Panasonic Theatre


Lorraine Kimsa Theatre for Young People ---

Following Menopause Out Loud into the Panasonic, My Mother's Lesbian Jewish Wiccan Wedding, though a dozen times the better show, is drawing and pleasing the crowds for very much the same reason. It allows its audiences to rejoice collectively in the acceptance of subjects previously considered unmentionable. In the new show, the hot topic is of course gay marriage and its legalization, and we all get to feel happily enlightened. That's a good thing, by the way.

My Mother's etc., a transferred hit from the Toronto Fringe, is a musical written by David Hein and his wife, Irene Carl Sankoff. They both appear in it, Hein leading the band and apparently playing himself. This is the story, suitably adorned, of him and his own mother. When we first meet them, in 1990, mom, whose name is Claire, is a divorced Saskatchewan psychologist about to move to Ottawa; David initially stays behind with his dad, another shrink. (He blames or credits this upbringing for his having grown up to write musicals.) Claire meets her first same-sex lover and decides it's for life; she comes out to David, who's cool with it. And since theirs is the show's central relationship, the story, about a third of the way through the evening, is over; all the rest is anecdote.

To put it another way, the first three words of the title are the important ones. If you thought the remainder sounded catchpenny-cute, you were right. The Jewishness is Claire's; she embraces it late in the proceedings, too late for it to contribute anything. The Wiccan is her partner Jane, whose beliefs are depicted at greater length but in hardly more depth. The wedding takes up only a little time at the end because it isn't that kind of schmaltzy show. It's another kind of schmaltzy show.

The cast is good, with Hein a charmingly casual actor-singer-narrator and Lisa Horner's Claire smart and vulnerable, like a singing Edie Falco. They get a real glow going. Andrew Lamb's direction neatly fills the space but not the time, which of course has expanded since the Fringe. (And by many accounts, it was stretched even there.) Hein's lyrics have self-fulfilling titles like Oh! My Mom's a Lesbian! and Never Take Your Lesbian Moms to Hooters; and his countryfied music doesn't spring many surprises either.

Which makes it a marked contrast to Leslie Arden's score for The Princess and the Handmaiden, whose melodies and harmonies stimulate, beguile and delight from the very first bars.

Not for the first time, the Lorraine Kimsa Theatre for Young People offers the most grown-up musical in Toronto, without being in any way above the heads of its target audience. (This is officially rated as from 5 to 16, but the receptive house I saw it with was very much skewed to the lower end of that demographic.)

The Princess of the title is sent by her miracle-doctor mother to cure the illness of a neighbouring king; with her, not too willingly, goes the Handmaiden whom she has been patronizing and maybe exploiting for years. Halfway through the obligatory forest, the Handmaiden appropriates the Princess's clothes, horse, magic medicine and even more magical lucky charm, and rides off to impersonate her. The Princess is left to her fate, which turns out to be a kind but crippled young shepherd. The musical's source is The Goose Girl, by the Brothers Grimm; this adaptation doesn't have geese, but there is a chorus of sheep who baa in Scots accents.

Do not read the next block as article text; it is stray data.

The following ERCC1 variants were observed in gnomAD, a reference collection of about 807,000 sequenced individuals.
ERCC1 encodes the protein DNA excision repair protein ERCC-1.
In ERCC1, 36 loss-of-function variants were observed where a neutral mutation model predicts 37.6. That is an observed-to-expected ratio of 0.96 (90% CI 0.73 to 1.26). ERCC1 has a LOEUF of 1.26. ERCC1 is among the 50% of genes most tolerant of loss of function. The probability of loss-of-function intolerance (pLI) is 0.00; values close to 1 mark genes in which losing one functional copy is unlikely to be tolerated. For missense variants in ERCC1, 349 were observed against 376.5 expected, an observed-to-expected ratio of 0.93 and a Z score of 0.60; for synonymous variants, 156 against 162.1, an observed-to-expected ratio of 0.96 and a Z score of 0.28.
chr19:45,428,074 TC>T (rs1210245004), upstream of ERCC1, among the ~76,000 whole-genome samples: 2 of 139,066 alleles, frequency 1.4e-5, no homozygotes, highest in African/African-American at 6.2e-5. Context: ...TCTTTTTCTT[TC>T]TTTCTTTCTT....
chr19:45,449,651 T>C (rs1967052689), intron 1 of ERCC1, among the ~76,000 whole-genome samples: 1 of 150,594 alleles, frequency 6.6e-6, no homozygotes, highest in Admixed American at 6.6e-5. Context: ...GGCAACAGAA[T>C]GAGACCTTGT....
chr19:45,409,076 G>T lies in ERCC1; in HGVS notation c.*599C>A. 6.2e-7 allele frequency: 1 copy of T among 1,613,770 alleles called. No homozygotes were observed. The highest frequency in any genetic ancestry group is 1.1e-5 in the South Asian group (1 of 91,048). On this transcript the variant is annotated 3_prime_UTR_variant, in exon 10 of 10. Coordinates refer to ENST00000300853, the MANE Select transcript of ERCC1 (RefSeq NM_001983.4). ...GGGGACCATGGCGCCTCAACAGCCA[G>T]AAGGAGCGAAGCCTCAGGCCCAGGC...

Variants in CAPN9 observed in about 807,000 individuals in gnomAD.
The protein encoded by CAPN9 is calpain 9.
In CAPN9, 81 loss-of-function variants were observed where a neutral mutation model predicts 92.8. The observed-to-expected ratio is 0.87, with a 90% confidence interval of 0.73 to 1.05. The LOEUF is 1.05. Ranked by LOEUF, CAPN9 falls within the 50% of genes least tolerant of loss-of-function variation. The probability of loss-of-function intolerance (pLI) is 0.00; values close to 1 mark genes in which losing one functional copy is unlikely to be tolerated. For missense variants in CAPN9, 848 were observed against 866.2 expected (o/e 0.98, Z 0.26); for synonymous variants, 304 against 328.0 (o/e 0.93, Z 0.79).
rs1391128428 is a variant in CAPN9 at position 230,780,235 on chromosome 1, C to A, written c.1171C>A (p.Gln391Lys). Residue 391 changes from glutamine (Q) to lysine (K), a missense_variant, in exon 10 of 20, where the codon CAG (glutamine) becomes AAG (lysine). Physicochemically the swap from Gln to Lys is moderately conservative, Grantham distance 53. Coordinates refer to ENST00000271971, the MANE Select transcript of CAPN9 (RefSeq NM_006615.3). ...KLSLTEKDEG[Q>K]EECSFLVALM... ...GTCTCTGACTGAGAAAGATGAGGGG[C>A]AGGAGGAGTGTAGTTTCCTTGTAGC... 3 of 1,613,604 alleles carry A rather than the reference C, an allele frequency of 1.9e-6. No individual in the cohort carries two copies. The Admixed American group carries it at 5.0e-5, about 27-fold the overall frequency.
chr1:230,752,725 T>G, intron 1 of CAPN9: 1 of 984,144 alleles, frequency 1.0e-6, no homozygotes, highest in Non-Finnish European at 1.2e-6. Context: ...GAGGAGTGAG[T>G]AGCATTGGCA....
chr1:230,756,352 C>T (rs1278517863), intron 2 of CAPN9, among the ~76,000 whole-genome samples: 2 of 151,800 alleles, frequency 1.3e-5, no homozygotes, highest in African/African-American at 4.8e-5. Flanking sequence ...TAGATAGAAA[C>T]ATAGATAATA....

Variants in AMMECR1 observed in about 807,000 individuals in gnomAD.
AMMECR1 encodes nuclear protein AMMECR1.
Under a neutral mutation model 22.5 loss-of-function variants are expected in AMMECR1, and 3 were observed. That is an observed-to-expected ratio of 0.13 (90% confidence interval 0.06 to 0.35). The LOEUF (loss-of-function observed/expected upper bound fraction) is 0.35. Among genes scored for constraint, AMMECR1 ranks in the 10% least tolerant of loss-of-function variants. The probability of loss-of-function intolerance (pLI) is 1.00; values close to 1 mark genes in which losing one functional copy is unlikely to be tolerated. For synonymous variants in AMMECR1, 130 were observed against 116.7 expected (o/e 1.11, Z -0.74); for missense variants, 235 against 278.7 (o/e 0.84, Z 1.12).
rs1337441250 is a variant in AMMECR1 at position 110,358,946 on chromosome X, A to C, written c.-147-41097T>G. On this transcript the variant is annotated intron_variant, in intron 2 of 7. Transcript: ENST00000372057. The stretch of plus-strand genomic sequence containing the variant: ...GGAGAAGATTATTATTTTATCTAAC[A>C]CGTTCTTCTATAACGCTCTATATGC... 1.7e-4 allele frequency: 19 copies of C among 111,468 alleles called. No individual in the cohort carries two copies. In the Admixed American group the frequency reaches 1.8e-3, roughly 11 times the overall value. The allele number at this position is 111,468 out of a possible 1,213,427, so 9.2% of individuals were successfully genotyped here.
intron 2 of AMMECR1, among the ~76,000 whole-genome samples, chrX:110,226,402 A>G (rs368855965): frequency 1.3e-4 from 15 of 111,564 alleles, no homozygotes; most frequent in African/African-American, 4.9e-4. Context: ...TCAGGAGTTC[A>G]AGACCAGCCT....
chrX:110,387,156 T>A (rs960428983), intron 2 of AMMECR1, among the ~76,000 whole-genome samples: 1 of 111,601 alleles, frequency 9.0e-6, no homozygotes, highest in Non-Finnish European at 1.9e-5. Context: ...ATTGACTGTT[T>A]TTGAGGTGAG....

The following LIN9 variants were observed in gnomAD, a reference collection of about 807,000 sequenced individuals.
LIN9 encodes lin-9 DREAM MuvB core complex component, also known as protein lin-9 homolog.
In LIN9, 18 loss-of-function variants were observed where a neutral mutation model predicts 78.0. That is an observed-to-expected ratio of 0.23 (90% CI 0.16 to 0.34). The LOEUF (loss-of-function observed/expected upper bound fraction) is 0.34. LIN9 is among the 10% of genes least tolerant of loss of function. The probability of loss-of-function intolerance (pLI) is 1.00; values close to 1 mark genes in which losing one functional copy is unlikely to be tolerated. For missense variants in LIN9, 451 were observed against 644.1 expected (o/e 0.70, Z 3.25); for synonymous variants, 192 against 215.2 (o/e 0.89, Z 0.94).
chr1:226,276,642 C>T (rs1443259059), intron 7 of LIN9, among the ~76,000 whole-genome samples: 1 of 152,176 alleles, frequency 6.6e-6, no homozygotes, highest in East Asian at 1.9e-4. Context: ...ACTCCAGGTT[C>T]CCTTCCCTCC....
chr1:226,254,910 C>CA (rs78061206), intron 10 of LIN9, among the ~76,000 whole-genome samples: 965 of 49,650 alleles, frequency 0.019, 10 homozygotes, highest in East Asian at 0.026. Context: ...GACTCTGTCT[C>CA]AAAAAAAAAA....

Arden wrote the book as well as the score, and she moves from speech to song and back again with exemplary ease. Her lyrics, though better than most people's, are a notch below her music, and one number gets bogged down in exposition that might be better handled by dialogue. (Every one of her shows seems to contain one song that doesn't belong.)

A graver flaw is that both the Princess's high-handedness and the Handmaiden's grievances and misgivings are underwritten; they are unalterably heroine and villainess, in accordance with the ancient class-prejudices of fairyland. But the show touches the deep narrative and emotional chords that are only reachable through fairy tale, from King Lear to Into the Woods. The latter is an obvious reference for Arden, whose music has a richness and astringency that recall Sondheim without sounding derivative. She also throws in a devastating parody of the I Dreamed a Dream theatrical power-ballad; it's called This Is Your Destiny with destiny turning out to be an appropriately, and literally, cardboard Prince. Allen MacInnis's production captures all the wit and charm of the writing, and the cast is so uniformly fine that the simplest thing is just to list them: Regan Thiel (a magical Princess), Tracy Michailidis (a tart Handmaiden), Jonathan Tan (a sweet shepherd), Sharron Matthews (a crisp and disciplined Narrator), George Masswohl, Karen Wood, Susan Henley, Andrew Stelmack, Larry Manell and Julain Molnar. Arden has written a musical based on Much Ado About Nothing. It's time we saw it.

- My Mother's Lesbian Jewish Wiccan Wedding opened Nov. 7 and runs until Jan. 3, 2010. Call 416-872-1212 for tickets and information. The Princess and the Handmaiden runs through Dec. 30. Call 416-822-2222 for tickets and information.